ISLAMABAD - The World Health Organisation (WHO) has extended travel restrictions on Pakistan for further three months due to continued international spread of wild poliovirus between Pakistan and Afghanistan, requiring the exporting countries to vaccinate all international travellers before departure.

The global health agency on May 5, 2014 had declared the international spread of poliovirus a Public Health Emergency of International Concern (PHEIC) under the International Health Regulations (IHR 2005), issuing temporary restrictions on Pakistan along with other exporting countries to reduce the international spread of poliovirus.

The WHO IHR Emergency Committee on Polio meets regularly on quarterly basis to review the remaining risk of international spread from infected countries. In its last meeting held on May 12, committee appreciated the progress made both by Afghanistan and Pakistan as last two endemic countries. Efforts for cross-border coordination were also widely appreciated. However, as the complete virus interruption is yet to be achieved, travellers’ vaccination recommendations were extended for further three months. These stay the same as previously and will be reviewed again after three months.

According to restrictions, it is mandatory for all residents and long-term visitors (over 4 weeks) from Pakistan to receive a dose of Oral Polio Vaccine (OPV) or Inactivated Poliovirus Vaccine (IPV) between 4 weeks to 12 months prior to international travel.

The emergency committee on polio in a statement issued on Friday noted that since the declaration of emergency because of international spread of polio in May 2014, strong progress has been made by countries toward interruption of wild poliovirus transmission and implementation of temporary recommendations issued by the WHO. And, there has been a decline in the occurrence of international spread of wild poliovirus, with no international spread in 2015 or thus far in 2016 except between Afghanistan and Pakistan.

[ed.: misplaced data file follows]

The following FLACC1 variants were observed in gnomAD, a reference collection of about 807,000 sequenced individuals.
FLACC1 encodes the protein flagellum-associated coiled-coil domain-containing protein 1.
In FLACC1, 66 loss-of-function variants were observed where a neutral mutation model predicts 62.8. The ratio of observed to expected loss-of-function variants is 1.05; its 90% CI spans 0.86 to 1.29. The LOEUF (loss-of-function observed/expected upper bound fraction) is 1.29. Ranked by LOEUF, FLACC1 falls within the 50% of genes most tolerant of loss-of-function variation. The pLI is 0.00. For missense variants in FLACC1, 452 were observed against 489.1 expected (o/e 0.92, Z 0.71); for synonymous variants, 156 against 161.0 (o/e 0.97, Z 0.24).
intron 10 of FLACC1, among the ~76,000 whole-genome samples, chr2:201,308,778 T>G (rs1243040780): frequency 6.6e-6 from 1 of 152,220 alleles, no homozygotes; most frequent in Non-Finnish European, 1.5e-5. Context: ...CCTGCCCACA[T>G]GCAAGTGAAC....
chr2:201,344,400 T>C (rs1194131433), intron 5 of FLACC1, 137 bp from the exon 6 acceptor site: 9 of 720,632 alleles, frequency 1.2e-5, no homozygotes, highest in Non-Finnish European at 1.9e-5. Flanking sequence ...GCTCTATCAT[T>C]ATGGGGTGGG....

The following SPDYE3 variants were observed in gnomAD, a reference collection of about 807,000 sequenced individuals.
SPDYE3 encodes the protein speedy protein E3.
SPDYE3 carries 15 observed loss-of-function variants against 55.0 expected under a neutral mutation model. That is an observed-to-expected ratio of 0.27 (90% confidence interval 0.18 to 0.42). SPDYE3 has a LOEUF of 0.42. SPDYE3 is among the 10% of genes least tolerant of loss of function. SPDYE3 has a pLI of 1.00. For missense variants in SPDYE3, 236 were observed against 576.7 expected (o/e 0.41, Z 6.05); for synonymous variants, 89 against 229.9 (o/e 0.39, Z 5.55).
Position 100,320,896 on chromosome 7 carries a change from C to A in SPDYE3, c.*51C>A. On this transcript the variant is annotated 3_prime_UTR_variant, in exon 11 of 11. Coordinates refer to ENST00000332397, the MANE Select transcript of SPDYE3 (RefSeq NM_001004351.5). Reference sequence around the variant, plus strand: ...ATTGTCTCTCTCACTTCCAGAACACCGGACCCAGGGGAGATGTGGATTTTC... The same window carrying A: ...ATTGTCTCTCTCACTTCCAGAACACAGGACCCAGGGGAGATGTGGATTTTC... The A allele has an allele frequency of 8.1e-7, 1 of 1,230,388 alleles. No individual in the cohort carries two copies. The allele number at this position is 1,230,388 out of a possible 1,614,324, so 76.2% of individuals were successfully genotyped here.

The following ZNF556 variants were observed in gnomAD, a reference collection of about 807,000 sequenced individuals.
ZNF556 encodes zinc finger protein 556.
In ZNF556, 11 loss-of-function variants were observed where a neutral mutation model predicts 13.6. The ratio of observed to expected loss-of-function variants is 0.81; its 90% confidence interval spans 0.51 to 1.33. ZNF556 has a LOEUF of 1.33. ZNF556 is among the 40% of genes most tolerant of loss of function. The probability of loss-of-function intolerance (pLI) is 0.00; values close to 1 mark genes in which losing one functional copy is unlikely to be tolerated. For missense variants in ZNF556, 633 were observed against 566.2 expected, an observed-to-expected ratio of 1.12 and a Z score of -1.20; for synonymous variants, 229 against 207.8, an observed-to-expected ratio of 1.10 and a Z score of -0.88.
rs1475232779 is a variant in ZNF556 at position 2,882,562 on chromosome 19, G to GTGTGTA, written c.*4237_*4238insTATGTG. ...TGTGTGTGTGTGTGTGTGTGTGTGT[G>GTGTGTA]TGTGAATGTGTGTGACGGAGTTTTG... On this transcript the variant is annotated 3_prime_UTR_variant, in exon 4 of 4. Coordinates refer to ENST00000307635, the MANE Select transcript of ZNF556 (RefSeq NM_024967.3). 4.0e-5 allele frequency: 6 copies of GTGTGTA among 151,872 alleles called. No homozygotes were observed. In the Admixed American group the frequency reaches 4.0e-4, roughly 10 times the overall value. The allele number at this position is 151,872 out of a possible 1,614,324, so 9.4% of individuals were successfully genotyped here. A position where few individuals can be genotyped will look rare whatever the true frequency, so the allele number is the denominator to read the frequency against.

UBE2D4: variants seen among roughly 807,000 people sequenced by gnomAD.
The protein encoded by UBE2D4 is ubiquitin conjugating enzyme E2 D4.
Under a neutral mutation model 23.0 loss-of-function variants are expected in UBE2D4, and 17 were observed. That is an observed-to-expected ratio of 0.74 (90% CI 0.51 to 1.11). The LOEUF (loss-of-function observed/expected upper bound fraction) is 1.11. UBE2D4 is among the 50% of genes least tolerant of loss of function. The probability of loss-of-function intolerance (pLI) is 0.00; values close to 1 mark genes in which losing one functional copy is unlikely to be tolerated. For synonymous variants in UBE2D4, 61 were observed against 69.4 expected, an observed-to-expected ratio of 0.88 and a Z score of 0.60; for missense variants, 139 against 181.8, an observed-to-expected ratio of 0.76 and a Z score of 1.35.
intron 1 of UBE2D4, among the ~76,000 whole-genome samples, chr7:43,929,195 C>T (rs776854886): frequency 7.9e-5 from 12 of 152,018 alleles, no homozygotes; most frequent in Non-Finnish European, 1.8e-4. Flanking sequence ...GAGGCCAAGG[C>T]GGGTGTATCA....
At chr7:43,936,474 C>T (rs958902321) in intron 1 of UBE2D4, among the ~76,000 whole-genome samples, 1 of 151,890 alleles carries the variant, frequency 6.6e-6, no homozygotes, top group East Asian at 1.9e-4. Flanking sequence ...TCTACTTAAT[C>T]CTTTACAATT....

However, the Committee noted that the international spread of wild poliovirus has continued, with two new reports of exportations from Pakistan into Afghanistan, one of which had occurred in October 2015 but only recognised recently following a new analysis of genetic data, and the second more recently in February 2016.

These cases occurred in Nangarhar and Kunar Provinces, in the eastern region, adjoining the Pakistan border. While there has been no new exportation from Afghanistan to Pakistan, ongoing transmission particularly in inaccessible parts of the Eastern Region of Afghanistan close to the international border presents an ongoing risk. The new virus in Kunar was closely related to Pakistan viruses circulating at least since June 2014 in the Khyber-Peshawar block. The new Afghan virus in Nangarhar was closely related to Pakistan viruses also circulating during 2015 in the Khyber-Peshawar block.

The hard earned gains of the global polio eradication initiative (GPEI) can be quickly lost if there is reintroduction of poliovirus in settings of disrupted health systems and complex humanitarian emergencies, the committee warned. The large population movements across the Middle East and from Afghanistan and Pakistan create a heightened risk of international spread of polio, it added.

Recognising the movement of people across the border between Pakistan and Afghanistan that continues to facilitate exportation of wild poliovirus, the committee recommended that both countries should further intensify cross border efforts by significantly improving coordination.

 at the national, regional and local levels to substantially increase vaccination coverage of travellers crossing the border and of high risk cross border populations.

Pakistan this year has reported 11 cases so far with majority of them from Khyber Pakhtunkhwa and Sindh, a decline of more than 80 percent in cases over the last year. 

Polio transmission is not going to U-turn now or tomorrow and revisit what it was one or two years ago, said Dr Michel Thieren, WHO representative in Pakistan.  “Transmission will unavoidably stop this year on the momentum created by an unprecedentedly effective and aggressive polio programme,” he added.